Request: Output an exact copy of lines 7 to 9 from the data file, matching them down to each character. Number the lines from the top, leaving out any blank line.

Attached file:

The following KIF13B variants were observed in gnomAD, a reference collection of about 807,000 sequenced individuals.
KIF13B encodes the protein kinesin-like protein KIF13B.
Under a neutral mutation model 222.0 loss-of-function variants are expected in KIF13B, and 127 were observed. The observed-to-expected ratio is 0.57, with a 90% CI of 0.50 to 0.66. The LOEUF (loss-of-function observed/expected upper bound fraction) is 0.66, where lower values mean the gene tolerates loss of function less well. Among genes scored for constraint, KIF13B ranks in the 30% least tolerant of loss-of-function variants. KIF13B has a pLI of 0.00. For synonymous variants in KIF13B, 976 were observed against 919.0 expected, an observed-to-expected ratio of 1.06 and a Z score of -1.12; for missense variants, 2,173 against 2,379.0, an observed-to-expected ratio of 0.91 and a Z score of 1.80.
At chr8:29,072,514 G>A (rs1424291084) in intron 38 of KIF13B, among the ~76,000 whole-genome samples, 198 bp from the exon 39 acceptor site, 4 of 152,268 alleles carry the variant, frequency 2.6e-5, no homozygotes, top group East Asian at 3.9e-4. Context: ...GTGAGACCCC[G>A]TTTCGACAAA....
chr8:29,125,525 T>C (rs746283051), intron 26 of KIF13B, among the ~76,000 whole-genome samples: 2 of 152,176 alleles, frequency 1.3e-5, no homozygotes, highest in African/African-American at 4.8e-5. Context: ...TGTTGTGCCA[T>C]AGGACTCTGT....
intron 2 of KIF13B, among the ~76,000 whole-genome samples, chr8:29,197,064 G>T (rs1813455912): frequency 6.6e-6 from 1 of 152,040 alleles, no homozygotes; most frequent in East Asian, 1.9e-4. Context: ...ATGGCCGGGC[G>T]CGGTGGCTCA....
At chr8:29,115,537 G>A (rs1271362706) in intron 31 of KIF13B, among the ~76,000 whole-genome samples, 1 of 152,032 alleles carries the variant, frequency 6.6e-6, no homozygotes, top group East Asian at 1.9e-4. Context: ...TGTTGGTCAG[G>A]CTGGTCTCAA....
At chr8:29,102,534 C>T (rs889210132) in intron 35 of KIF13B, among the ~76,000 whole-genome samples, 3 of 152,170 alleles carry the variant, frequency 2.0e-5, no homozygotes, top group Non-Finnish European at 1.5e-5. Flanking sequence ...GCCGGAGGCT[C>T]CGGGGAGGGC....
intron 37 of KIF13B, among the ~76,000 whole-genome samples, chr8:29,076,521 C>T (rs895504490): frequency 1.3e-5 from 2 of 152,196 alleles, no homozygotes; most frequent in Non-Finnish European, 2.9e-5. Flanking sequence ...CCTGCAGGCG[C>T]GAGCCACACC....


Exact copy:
At chr8:29,115,537 G>A (rs1271362706) in intron 31 of KIF13B, among the ~76,000 whole-genome samples, 1 of 152,032 alleles carries the variant, frequency 6.6e-6, no homozygotes, top group East Asian at 1.9e-4. Context: ...TGTTGGTCAG[G>A]CTGGTCTCAA....
At chr8:29,102,534 C>T (rs889210132) in intron 35 of KIF13B, among the ~76,000 whole-genome samples, 3 of 152,170 alleles carry the variant, frequency 2.0e-5, no homozygotes, top group Non-Finnish European at 1.5e-5. Flanking sequence ...GCCGGAGGCT[C>T]CGGGGAGGGC....
intron 37 of KIF13B, among the ~76,000 whole-genome samples, chr8:29,076,521 C>T (rs895504490): frequency 1.3e-5 from 2 of 152,196 alleles, no homozygotes; most frequent in Non-Finnish European, 2.9e-5. Flanking sequence ...CCTGCAGGCG[C>T]GAGCCACACC....